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Evidentiary Foundations

Evidentiary foundation refers to a series of questions counsel must ask to provide a basis for the offered evidence. The necessary procedural steps for introducing exhibits into evidence are:

  • Requesting that the exhibit be marked for identification (don’t identify it)
  • Laying the foundation for the exhibit
    • Picture: ordinary fact witness
    • Models & charts: the object is an accurate reproduction for the purpose of illustrating the testimony of the witness
    • Real evidence: show chain of custody
  • Letting opposing counsel examine the exhibit
  • Offering the exhibit into evidence
  • Giving exhibit to trial judge
  • Voir dire examination of the witness, objection, and argument by opposing counsel
  • Ruling
  • Testimony concerning the exhibit
  • Giving the jury the exhibit or copies of it

 

Knowing what foundation to establish requires knowing which rule applies. All you need to do is transpose the elements of the rule into a series of questions.

September 10, 2007 Posted by | Evidence | 1 Comment

Real, Documentary, and Demonstrative Evidence

Let’s deal with real evidence first. Real evidence is physical evidence (such as clothing or a knife wound) that itself plays a direct part in the incident in question. There are two types of real evidence: one which presents the thing itself, and one which presents an independent fact from which an inference can be made. The admissibility of real evidence turns on showing that the evidence is what it purports to be. The proponent has to establish that the item you’re offering is what you say it is. You have to give enough evidence for the jury to conclude that the item is authentic.

 

A subset of real evidence, sometimes considered it’s own set, is documentary evidence. Documentary evidence is any document having some bearing on the case is real evidence and documentary proof. It too has to be authenticated, but there are issues that have to be overcome such as the best-evidence rule and hearsay.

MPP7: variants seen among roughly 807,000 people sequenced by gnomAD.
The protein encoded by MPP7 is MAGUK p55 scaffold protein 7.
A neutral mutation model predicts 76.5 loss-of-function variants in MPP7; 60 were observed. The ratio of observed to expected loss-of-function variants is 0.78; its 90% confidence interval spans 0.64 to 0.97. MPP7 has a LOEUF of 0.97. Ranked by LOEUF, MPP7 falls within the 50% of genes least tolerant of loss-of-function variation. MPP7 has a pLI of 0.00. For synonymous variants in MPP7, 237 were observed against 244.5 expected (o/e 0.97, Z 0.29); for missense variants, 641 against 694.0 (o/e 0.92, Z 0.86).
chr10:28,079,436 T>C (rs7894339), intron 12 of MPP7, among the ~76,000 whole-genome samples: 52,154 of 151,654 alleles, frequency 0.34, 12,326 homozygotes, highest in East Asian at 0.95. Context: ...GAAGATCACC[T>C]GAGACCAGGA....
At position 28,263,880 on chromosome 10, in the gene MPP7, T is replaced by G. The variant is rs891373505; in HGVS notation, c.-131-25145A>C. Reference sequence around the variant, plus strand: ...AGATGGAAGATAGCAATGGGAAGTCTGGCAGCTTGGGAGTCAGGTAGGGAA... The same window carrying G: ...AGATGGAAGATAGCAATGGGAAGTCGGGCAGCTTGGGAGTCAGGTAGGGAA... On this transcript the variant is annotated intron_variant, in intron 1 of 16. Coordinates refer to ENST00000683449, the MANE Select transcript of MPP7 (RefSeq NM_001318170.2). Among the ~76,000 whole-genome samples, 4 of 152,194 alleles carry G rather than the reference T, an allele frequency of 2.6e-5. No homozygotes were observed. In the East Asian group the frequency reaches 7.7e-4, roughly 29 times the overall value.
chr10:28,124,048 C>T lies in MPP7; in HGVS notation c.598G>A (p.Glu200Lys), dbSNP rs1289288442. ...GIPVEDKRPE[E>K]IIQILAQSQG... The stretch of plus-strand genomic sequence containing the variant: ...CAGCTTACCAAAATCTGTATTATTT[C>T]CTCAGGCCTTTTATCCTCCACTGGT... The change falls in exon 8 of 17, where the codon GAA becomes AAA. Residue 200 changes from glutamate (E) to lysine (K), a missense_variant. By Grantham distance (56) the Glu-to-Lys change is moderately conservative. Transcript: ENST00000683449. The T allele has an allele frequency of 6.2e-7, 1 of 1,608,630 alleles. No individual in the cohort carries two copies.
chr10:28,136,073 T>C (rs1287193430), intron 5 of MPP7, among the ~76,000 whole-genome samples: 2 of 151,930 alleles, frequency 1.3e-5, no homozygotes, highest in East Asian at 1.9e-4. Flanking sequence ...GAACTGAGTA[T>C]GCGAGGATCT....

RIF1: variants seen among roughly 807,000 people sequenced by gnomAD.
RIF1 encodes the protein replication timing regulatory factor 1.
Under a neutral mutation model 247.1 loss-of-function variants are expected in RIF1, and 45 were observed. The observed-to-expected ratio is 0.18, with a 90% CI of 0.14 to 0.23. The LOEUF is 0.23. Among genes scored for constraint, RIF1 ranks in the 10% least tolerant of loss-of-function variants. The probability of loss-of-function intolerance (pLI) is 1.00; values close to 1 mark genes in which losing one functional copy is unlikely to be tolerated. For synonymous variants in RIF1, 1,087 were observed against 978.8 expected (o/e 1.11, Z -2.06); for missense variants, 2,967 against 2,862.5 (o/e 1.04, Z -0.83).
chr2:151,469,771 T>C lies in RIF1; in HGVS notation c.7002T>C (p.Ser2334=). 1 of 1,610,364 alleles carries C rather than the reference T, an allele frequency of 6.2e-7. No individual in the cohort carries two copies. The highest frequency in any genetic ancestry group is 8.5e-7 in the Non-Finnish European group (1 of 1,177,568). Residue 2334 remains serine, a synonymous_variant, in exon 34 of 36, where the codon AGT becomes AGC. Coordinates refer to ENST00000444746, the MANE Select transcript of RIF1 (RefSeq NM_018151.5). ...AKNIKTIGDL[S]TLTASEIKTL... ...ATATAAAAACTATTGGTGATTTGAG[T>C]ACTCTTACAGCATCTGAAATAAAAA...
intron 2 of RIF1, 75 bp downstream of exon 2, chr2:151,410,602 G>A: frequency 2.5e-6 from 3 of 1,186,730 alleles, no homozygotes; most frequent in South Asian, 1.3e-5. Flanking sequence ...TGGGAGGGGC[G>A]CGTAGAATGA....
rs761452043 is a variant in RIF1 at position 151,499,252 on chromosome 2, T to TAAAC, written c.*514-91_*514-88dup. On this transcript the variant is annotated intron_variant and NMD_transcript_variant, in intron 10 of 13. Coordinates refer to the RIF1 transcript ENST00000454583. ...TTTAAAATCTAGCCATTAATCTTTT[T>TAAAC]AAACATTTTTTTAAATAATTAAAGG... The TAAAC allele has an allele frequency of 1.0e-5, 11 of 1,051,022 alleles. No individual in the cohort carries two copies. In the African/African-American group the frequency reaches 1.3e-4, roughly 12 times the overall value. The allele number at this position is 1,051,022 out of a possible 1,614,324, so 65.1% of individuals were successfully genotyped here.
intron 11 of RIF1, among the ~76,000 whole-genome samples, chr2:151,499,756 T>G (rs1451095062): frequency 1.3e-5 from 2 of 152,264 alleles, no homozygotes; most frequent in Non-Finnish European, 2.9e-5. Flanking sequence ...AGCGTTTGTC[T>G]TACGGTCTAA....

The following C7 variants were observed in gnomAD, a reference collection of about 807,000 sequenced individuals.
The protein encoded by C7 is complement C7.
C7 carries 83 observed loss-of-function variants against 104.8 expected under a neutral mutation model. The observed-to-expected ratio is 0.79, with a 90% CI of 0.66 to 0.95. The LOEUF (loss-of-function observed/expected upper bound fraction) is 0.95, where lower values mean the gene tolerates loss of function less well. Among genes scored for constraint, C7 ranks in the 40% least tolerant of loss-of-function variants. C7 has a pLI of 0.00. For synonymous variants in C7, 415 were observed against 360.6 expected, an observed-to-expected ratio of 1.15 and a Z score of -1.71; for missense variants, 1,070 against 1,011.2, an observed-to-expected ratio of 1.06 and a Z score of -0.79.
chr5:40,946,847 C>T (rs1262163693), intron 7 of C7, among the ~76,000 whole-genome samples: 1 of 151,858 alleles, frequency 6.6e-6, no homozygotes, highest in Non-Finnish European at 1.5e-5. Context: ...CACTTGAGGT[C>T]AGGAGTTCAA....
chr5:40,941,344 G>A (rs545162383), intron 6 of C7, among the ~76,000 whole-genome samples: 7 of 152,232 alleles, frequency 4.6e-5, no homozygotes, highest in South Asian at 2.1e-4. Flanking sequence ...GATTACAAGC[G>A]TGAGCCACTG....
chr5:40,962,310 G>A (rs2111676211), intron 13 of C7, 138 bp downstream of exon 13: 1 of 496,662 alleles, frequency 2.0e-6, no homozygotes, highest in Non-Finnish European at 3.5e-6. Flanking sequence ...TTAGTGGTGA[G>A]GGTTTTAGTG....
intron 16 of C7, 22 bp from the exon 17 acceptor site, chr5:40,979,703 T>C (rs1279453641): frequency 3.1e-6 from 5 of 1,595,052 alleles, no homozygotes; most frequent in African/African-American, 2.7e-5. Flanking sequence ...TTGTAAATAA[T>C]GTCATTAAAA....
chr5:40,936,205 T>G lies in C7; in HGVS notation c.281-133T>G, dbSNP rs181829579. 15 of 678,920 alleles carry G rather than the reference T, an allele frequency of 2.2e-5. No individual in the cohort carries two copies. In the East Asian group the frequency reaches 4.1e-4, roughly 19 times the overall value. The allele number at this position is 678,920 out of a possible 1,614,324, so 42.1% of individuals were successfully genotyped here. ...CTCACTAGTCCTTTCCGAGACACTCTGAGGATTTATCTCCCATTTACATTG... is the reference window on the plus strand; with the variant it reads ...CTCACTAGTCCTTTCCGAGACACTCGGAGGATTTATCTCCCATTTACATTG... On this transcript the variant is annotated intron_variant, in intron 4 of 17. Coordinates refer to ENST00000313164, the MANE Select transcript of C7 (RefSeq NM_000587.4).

Demonstrative evidence is evidence that illustrates or demonstrates a real thing. In USS v. Town of Oyster Bay, the plaintiff was hit by a street sign that fell when hit the pole to which it was attached. At trial, defense counsel used a model of the pole which differed from the actual pole in several respects. On appeal, the plaintiff argued that the in-court demonstration should not have been allowed. The court held that it was within the trial court’s discretion to allow the demonstration. The dissenting opinion, however, said that the substantial similarity test should have been used. The substantial similarity test says that the demonstrative evidence must be substantially similar to the actual evidence. The test doesn’t require identity, but only the degree of similarity that will insure that the results are probative.

September 6, 2007 Posted by | Evidence | Leave a comment

Judicial Notice of Scientific Principle and Legislative Facts

Our discussion today focused on two cases, State v. Graham and Muller v. Oregon. State v. Graham focused on taking judicial notice of a scientific principle. In this case, Graham was convicted of going 65 mph in a 50 mph zone. He was caught by troopers using radar guns. The question on appeal was whether radar, as a device for detecting speed, a scientific principle so soundly established as to be accepted by the courts. The court held that the device, when maintained and operating within specs, measures speed accurately, and that it should be used.